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Crooked River Ranch Roundup

Burglaries prompt review
By John Bowler
   CRR Correspondent
   Over the past few weeks, multiple reports have been received of Crooked River Ranch residents' homes being burglarized and Ranchers personally being victimized by unscrupulous or incompetent goods vendors and suppliers of services.
   Periodically, it is prudent to review important aspects of self-protection to avoid suffering personal losses because one's guard is temporarily down.
   Most Ranchers chose this subdivision as their home because of its isolation from the hubbub of urban sprawl. Many of us came here from metropolitan areas with homes packed tightly together on small building lots and streets crowded with noisy traffic.
   The luxury of more space between neighbors, less noise, fewer noxious odors and distracting activity was what we sought when we moved to the Ranch.
   Our new environment, with its privacy, clean air, and friendly but more distant neighbors, reduces the feeling of threats existing to our well-being and security.
   That's reinforced by hearing fewer sirens from police and fire protection vehicles on our streets and roads than in our former places of residence. The Ranch is a pretty peaceful place day in and day out compared to where many of us came from.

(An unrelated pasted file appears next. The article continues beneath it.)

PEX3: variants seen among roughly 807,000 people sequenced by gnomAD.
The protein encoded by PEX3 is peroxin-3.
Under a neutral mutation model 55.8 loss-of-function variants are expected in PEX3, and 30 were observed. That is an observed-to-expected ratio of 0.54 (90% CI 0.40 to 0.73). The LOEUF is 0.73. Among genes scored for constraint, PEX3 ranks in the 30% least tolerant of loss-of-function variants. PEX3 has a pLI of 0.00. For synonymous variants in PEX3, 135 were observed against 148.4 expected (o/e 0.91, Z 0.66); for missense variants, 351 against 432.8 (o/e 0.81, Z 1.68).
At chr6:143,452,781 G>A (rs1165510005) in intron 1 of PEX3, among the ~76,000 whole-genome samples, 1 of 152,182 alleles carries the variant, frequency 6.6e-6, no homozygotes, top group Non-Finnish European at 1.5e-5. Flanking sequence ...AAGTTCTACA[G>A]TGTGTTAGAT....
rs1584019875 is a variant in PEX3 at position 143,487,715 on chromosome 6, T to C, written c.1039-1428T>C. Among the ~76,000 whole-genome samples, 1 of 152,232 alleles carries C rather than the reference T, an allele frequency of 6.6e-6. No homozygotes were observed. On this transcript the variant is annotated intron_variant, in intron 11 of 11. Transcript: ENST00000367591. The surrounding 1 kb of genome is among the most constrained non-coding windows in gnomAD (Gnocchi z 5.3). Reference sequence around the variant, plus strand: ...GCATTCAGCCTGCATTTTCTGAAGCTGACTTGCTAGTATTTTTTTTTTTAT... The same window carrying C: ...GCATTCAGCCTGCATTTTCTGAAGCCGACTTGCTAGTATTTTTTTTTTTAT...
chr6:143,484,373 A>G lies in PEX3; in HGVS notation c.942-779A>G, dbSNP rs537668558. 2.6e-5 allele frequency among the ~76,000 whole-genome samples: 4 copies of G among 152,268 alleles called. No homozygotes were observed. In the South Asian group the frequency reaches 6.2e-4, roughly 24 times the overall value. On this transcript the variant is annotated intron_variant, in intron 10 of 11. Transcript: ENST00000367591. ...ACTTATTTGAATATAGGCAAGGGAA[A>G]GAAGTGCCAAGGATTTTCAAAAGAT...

On top of that, neighbors and others you meet on a Ranch walk are generally friendly. They typically wave or issue a verbal greeting in passing, even if they don't know you or haven't seen you before.
   If you encounter a problem while traveling around the Ranch, chances are somebody will stop to enquire if they can help you and will lend a hand if you say you need it. As the saying goes, "Crooked River Ranch is a great place to hang your hat."
   Nevertheless, like all communities, the Ranch attracts the usual proportion of scallywags and scoundrels, always in the mix in any group of human beings either as permanent residents or intrusive visitors.
   They have no compunction about robbing people of their possessions or cheating them by selling substandard or flawed goods and services and they seldom pass up an opportunity to do it.
   We need to be aware of the threats they pose and make sure safeguards are securely in place to thwart their evil intentions.
   The trick is not to provide them with the opportunity to do evil. That requires keeping one's guard up at all times. Cases in point are the burglaries at two Ranch homes in the last two weeks.
   One was entered mid-day through an unlocked front door. Almost $5,000 worth of money, jewelry and other small portable items was carried off. The owner had gone to town and left the house unprotected for about three hours -- a common Ranch practice.
   Somebody apparently had been observing the action at the residence and took advantage of it being left unprotected.
   In the other instance, the owner went away overnight, but had given a key to neighbors so they could feed pets and check on things while the home was vacant.